As we celebrate International Youth Day this week, I have been asking myself why it is that year after year, senior leaders are quick to applaud young people for speaking out but are so reluctant to make real space for them at the decision-making tables? Long before the COVID-19 virus first appeared, youth around the world were speaking out online and on the streets about the damage and injustices inflicted on the world by previous generations. They marched down the streets of Washington, D.C., and spoke on the steps of the U.S. Congress, at the UN, and on stage at Davos. Their policy demands were received by leaders of U.S. and global institutions with nodding approval; yet, no action was taken to advance urgent calls to address gun control, racial injustice, economic inequality, or the global climate crisis.
And now, we find ourselves in the midst of a global pandemic that has left institutions scrambling. Daily news coverage tells us of flailing governments and political finger pointing, while the death counts mount. We are given confusing information about how to keep ourselves and others safe, resulting in standoffs between people in homemade masks, advocating for behavior change to save our future, pitted against others who are desperately hanging on to what feels like normal life.
Sound familiar? This pattern is not new: change versus status quo is a perpetual struggle. It is not unusual for each of us to want to hold on to what is comfortable and familiar, sometimes so badly that even when we see it is not working, we argue that the problem is not the process or the system but rather the way it is being implemented. We make small, sometimes token modifications and convince ourselves we have done enough.
But, we need real change and, with this global health crisis, we need it urgently. We must reimagine our world – how we move, work, learn, earn, vote, and, for many, how we survive the day. The pandemic is a terrible but important opportunity to understand how institutions and processes can and must serve us better, especially those who are most vulnerable because of systematic disenfranchisement. If there was ever a time to embrace the energy and imagination of young people who have long been asking for change, it is now. And, there are so many young leaders out there with ideas who are already hard at work.
When the pandemic hit, USAID’s YouthPower2: Learning and Evaluation project had just recruited its second cohort of YouthLead Ambassadors – a group of 22 young changemakers competitively selected from across YouthLead’s more than 7,000 members. Over the course of their six-month fellowship, Ambassadors designed issue campaigns on topics of interest that align with their work as community activists and social impact entrepreneurs. Every week, these young people led online campaigns that addressed COVID-19 with a focus on solutions rather than despair.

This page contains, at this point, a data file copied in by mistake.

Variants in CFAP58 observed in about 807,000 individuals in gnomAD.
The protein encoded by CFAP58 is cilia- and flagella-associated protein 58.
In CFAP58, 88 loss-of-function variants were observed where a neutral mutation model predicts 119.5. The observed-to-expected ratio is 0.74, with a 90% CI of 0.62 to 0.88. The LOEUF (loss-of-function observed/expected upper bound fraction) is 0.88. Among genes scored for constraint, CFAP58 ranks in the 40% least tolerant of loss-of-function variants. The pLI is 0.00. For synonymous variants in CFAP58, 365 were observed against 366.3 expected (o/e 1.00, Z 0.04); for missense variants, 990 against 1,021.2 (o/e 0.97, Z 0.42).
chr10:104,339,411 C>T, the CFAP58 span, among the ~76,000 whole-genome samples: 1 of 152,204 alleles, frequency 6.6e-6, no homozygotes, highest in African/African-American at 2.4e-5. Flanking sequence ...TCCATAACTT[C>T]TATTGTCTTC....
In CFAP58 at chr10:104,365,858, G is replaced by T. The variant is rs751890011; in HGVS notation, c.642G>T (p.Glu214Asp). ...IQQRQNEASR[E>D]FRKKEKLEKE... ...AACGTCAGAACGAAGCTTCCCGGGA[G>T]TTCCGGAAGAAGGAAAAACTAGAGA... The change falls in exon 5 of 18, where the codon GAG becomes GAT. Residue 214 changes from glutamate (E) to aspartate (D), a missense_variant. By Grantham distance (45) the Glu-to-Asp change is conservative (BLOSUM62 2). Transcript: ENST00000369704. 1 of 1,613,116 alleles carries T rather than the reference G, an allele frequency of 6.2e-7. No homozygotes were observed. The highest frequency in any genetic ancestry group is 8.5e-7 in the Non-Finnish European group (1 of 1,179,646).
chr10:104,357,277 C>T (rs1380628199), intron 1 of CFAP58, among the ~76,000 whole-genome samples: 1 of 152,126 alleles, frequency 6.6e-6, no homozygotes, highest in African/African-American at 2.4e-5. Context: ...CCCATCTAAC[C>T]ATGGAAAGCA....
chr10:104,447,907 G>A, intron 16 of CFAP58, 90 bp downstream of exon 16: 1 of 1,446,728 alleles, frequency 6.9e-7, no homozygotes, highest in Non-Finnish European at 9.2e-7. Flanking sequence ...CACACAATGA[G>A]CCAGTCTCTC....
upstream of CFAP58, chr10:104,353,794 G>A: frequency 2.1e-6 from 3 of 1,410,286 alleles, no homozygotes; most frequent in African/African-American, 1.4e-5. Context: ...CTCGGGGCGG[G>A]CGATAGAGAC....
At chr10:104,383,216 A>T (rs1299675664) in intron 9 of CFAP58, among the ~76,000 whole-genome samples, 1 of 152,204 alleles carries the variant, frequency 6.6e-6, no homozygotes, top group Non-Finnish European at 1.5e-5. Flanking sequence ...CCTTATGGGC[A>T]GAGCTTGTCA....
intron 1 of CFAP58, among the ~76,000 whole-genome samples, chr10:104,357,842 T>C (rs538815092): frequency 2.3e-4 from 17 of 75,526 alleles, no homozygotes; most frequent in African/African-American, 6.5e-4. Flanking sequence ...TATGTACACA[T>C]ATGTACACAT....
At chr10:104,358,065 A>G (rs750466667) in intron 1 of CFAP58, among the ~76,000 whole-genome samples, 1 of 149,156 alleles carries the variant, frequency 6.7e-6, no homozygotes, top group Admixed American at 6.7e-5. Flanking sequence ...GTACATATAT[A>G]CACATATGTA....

Asonele Kotu (South Africa) and Brian Mafuso (Ethiopia) shared tips for how youth can use technology to advocate for gender equality and sexual and reproductive health during the pandemic. Jacmen Kouakou (Côte d’Ivoire) and Humayun Nosheerwan (Pakistan) explored leveraging the power of social media to combat misinformation, advocate, engage, and hold officials accountable, ensuring transparency. Lesheve Arafat (Tanzania), Esther Akinsanya (Nigeria), and Meenakshi Monga (India) shared their experiences and strategies to curb the negative impacts of the pandemic and engage their peers in their efforts.
The cadre of young leaders is not limited to YouthLead. We have seen the same leadership in the youth who are part of Making Cents International’s Global Youth Economic Opportunities (GYEO) Summit every year. As a result of the pandemic, the GYEO Summit is virtual this year, which enables us to hear from an even wider pool of young people working for change in their communities. Last week in our Summit track event, Livelihoods through Self-Employment, young leaders from the Asante Africa Foundation and the Education for Employment Foundation shared how the pandemic has impacted their lives and discussed how they are finding opportunities amid the chaos, piloting ideas to meet health, education, and economic challenges in their communities. These virtual conversations with young people are a window into what our world could be if this kind of creativity, problem solving, and shared learning was the rule in leadership rather than the exception. In the coming weeks and months, we will continue to bring together young people alongside development practitioners, researchers and academics, private industry, funders, and policy makers to explore how we reimagine economic opportunity in a post-pandemic world.
And so, we come full circle, to International Youth Day and its 2020 theme that urges institutions to engage young people. What if, this time, we actually took up young peoples’ clear and specific demands for change? What if, this time, we regarded our young people as among our greatest assets for overcoming the challenges of the pandemic, and for reimagining our institutions, who they serve, and the kinds of systems they support? What if, this time, we did more than applaud?